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You negotiate with yourself more often than you think. You negotiate whether you're going to get a workout in, what time you'll wake up, whether you'll pack a lunch. You tell yourself you'll get better. You tell yourself you'll improve. You negotiate with yourself all the time. For the purposes of the first part of this 3 part series, we're going to focus on why you negotiate with yourself prior to a negotiation with someone else. So why do you negotiate with yourself?
You negotiate with yourself because you are afraid.
Fear can be a powerful ally or a powerful enemy. It all depends how you use it. We all fear something. The biggest fear we all face in negotiation is rejection. Rejection sucks! Remember the first time you plucked up the courage to ask that girl or guy out? Remember the first time you got rejected? It felt soul crushing, didn't it? You know what it feels like to be rejected. And so the mind's natural response is to try to protect you from that feeling. That makes sense. It hurts, your mind doesn't want to hurt, it says don't do it or change what you're asking to reduce the likelihood of rejection. Fear is the mind's natural reaction to a situation in which it perceives danger. And therein lies the key words. Perceived danger.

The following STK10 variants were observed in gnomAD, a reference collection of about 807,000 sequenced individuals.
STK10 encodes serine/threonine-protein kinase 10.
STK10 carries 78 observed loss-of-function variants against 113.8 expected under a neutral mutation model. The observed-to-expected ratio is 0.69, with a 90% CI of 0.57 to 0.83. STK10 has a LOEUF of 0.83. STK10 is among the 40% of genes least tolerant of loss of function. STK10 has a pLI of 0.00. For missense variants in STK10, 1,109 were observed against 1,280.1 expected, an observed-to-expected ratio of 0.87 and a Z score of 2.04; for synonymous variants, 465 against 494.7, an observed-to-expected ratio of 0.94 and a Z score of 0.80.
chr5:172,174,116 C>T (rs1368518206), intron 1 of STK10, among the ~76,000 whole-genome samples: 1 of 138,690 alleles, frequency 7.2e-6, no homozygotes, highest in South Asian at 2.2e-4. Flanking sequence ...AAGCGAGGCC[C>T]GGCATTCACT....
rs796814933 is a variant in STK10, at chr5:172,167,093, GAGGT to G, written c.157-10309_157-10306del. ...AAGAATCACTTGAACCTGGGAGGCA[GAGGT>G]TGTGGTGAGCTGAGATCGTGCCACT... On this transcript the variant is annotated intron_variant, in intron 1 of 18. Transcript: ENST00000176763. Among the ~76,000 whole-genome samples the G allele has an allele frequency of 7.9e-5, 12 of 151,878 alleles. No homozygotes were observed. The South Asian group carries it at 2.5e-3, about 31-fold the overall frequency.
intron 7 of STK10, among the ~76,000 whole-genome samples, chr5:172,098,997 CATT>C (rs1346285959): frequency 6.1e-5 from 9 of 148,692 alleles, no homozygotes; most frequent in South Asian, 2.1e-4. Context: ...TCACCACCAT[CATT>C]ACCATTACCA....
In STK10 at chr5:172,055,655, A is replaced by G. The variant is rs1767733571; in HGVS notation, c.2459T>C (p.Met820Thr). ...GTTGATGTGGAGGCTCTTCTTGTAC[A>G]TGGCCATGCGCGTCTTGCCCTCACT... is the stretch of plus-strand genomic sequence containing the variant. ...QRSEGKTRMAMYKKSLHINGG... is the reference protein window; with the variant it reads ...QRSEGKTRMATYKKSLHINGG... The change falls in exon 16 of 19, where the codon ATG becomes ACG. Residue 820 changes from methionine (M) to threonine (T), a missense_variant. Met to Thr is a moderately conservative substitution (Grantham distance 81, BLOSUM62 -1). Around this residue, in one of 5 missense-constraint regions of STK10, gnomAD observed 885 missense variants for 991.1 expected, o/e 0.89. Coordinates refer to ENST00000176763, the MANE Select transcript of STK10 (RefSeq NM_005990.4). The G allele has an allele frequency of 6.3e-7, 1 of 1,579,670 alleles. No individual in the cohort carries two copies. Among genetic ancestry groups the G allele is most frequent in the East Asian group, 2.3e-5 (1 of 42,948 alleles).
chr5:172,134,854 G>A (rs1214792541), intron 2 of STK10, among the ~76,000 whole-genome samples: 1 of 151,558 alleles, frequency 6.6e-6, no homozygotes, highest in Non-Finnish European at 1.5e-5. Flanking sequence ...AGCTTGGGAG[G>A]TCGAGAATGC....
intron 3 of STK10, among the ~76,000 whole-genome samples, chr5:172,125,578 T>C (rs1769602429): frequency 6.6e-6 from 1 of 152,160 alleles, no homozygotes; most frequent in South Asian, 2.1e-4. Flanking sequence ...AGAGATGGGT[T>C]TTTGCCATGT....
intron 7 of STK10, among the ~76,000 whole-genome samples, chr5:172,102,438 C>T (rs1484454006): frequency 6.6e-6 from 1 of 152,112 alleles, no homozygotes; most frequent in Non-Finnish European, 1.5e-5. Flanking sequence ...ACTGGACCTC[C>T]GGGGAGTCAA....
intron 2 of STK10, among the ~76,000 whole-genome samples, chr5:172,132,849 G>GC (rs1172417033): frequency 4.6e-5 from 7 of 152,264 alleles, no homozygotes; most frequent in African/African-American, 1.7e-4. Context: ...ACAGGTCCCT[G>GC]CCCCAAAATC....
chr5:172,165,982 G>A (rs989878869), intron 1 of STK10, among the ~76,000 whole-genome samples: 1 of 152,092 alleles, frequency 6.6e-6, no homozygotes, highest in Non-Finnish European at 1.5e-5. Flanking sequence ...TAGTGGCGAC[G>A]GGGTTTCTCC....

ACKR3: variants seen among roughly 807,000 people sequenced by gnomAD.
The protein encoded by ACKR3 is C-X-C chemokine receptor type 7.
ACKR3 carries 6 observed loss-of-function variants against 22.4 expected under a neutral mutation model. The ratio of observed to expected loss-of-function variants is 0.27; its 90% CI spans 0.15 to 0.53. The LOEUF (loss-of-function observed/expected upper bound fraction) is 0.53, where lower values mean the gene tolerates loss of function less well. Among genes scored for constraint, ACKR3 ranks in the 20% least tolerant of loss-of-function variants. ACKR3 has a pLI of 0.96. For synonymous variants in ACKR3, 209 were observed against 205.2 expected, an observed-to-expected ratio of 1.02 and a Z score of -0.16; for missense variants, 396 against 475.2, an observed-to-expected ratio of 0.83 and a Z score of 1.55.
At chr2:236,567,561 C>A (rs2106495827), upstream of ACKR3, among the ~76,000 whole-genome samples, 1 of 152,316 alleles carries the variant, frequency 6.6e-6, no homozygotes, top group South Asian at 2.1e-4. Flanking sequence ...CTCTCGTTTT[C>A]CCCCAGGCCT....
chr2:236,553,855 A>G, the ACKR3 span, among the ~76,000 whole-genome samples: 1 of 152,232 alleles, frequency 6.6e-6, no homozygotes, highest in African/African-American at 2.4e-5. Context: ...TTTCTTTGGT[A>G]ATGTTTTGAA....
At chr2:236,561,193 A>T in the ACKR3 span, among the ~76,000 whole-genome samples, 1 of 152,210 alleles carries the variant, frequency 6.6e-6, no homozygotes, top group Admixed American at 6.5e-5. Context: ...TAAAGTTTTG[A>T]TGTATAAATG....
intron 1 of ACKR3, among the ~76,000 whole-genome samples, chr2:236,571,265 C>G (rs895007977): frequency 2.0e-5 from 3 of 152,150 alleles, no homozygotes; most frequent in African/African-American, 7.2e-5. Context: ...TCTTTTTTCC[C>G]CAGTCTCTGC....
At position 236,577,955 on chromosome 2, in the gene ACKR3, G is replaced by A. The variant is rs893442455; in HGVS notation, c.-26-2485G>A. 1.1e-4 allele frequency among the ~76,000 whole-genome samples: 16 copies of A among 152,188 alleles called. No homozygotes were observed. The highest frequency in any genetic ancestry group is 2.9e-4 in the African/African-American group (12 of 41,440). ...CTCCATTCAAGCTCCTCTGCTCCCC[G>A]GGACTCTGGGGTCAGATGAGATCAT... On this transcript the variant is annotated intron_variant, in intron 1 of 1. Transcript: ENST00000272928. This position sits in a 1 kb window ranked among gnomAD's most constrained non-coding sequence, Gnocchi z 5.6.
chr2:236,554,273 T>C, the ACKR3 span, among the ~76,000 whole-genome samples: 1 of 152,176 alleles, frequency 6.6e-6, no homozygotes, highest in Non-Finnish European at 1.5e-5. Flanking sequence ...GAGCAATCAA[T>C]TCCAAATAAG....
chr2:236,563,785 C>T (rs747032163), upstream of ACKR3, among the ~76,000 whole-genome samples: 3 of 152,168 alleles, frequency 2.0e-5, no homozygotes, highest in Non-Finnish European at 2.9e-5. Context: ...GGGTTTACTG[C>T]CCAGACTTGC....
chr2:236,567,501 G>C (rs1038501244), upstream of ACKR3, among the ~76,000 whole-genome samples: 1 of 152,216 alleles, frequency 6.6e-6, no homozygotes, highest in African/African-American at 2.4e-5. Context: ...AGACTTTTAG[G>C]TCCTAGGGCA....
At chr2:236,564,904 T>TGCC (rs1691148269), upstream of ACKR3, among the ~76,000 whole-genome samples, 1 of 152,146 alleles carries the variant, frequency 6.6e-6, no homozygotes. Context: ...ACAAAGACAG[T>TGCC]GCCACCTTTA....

When you perceive danger in a negotiation, you begin to negotiate with yourself before you even begin to negotiate with the other party. You start telling yourself things like, "They'll never take this offer, it's too high/low, I should change it.", "If I don't cut this deal, then what....?", "They're going to laugh at me.", "Maybe I should just accept what they've proposed?". Don't be embarrassed. We've all felt this way. Many of us continue to feel this way and think these thoughts.
"So, first of all, let me assert my firm belief that the only thing we have to fear is...fear itself — nameless, unreasoning, unjustified terror which paralyzes needed efforts to convert retreat into advance. " - Franklin D. Roosevelt
When you enter into a negotiation, the likelihood of you being in any real danger is very very very very low. But, that doesn't stop your mind from perceiving that rejection is real danger, because many of the feelings are the same. This is an important distinction to make. Because, if you begin to realize that the fear you feel prior to a negotiation is only based on perceived danger, then that fear you feel begins to become a choice more than a uncontrolled response.
“Fear is not real. It is a product of thoughts you create. Do not misunderstand me. Danger is very real. But fear is a choice.” - Will Smith
Question: What's most likely to be the worst thing that can happen in a business negotiation?
Answer: The other party says, "no".
Think about that. You're putting yourself through a ton of stress and the negative self talk because you're afraid of, "no". Seems silly now that you think about it, right? This is one of the reasons that we always ask for more than we expect to get. So now what? Well, now you know why you negotiate with yourself prior to a negotiation with someone else. And honestly, identification of the issue, in my estimation, gets you 70% of the way to solving it. Fortunately there's hope and techniques to help you to master and sometimes even let go of that fear.
Next week we'll discuss some of the concessions you make when you negotiate with yourself and the week after that I'll show you techniques to control your fear and we'll even discuss how you can let your fear go.
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